Instructor: Ed Quigley 724.774.2088
This page contains the Midterm exam for CI-490.
Brevity is a virtue.
In Part One, you must define ten terms; each definition has three segments.
In Part Two, you must answer any four of the six questions.
Part One of Two
In this section, describe any ten (10) of the following 15 terms.
Each description should include three segments:
explain what the term is,
what the alternatives (opposites) to the term are,
and how the term matters in S-IS.
object oriented programming
Part Two of Two
Answer any 4 of the following 6 questions:
Question 2-A: Disintermediation
Choose a business or organization that you are familiar with. Provide a high-level org chart of the
organization (overview only). Describe the business from the perspective of (and with the terms of)
a Second Wave manager. Now, redefine the business as an information flow. Provide a high-level (overview
only) map of the business as an information flow. Describe the business from the perspective of a Third Wave
consultant. What new opportunities can you discern from the Third Wave Description, if any?
Question 2-B: Internet Taxation.
President Clinton has announced a new US policy against
taxing business which is transacted over the Internet. A Congressional
hearing is currently studying the issue of internet taxation.
What are the
logistical problems with taxing internet commerce? Why is it good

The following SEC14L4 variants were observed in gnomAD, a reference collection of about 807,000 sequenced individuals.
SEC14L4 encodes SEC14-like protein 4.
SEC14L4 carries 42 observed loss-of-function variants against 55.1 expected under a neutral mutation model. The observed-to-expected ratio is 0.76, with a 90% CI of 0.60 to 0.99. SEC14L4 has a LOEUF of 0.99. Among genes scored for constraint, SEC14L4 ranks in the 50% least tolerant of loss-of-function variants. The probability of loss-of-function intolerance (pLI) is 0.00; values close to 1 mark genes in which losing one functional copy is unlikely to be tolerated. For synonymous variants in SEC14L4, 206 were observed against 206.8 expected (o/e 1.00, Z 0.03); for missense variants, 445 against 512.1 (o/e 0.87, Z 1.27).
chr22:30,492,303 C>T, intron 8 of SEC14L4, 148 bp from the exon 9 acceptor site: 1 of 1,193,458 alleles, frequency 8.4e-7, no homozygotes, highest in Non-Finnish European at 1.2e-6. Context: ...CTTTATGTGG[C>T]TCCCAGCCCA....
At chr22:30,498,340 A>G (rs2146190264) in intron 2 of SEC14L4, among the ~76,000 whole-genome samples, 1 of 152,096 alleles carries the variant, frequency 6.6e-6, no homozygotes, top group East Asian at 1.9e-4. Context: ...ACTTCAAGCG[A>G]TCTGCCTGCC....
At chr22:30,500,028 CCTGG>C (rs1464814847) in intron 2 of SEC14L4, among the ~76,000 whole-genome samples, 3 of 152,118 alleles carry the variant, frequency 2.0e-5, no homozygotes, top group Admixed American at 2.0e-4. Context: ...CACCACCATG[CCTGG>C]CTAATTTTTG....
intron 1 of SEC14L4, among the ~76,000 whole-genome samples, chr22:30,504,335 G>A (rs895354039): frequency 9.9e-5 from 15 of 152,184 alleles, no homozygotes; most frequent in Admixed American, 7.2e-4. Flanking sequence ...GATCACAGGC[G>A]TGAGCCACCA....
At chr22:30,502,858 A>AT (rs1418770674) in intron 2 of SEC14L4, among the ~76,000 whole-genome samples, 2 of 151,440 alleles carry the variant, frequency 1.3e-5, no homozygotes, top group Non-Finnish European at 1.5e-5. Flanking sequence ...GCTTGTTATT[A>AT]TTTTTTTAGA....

policy to avoid Net taxes (or why isn't it?)
What is the competitive impact on established business (with
buildings, real estate taxes, and retirees) when their startup
competitors don't have to charge customers sales tax?
Offer your expectations of the 10-year impact of charging
sales tax in stores but not over the net.
What are the implications of a analog-business tax structure
which avoids taxing digital business in an increasingly digital era?
Question 2-C: the Memex
Bush's article, As We May Think, describes his future vision.
What aspects of his vision have not been realized? Would they
be useful? What aspects of the Memex apply to strategic info systems?
Question 2-D: D**m End Users!
Computers and other IT investments must be used by people in order
to be successful investments.
People are often split into categories of experts (geeks?) and end-users.
Technology is in constant change. People resist change.
End-users require training (initial and upgrade) and technical $upport.
The technical progress described by Gordon Moore conflicts with the
nature of people in our organizations. Discuss the business implications of
this conflict. What opportunity lies in this problem? What would you do to
make your S-IS tolerant of this situation?
Question 2-E: Future Shock
Alvin Toffler describes waves of human revolution that affect our
lifestyle, health, families, and culture. Describe the transition out of the Second Wave
with Western Pennsylvania's transition from the Steel economy.
Describe Western PA's nascent successes in the 3rd wave economy.
Question 2-F: Information Overload, Drowning in Data ...
Organizations (and the people within them) are increasingly swamped with information.
As an IS professional responsible for strategic information systems, what steps
can you take to reduce information overload? How can your systems help your people
who are deluged with data?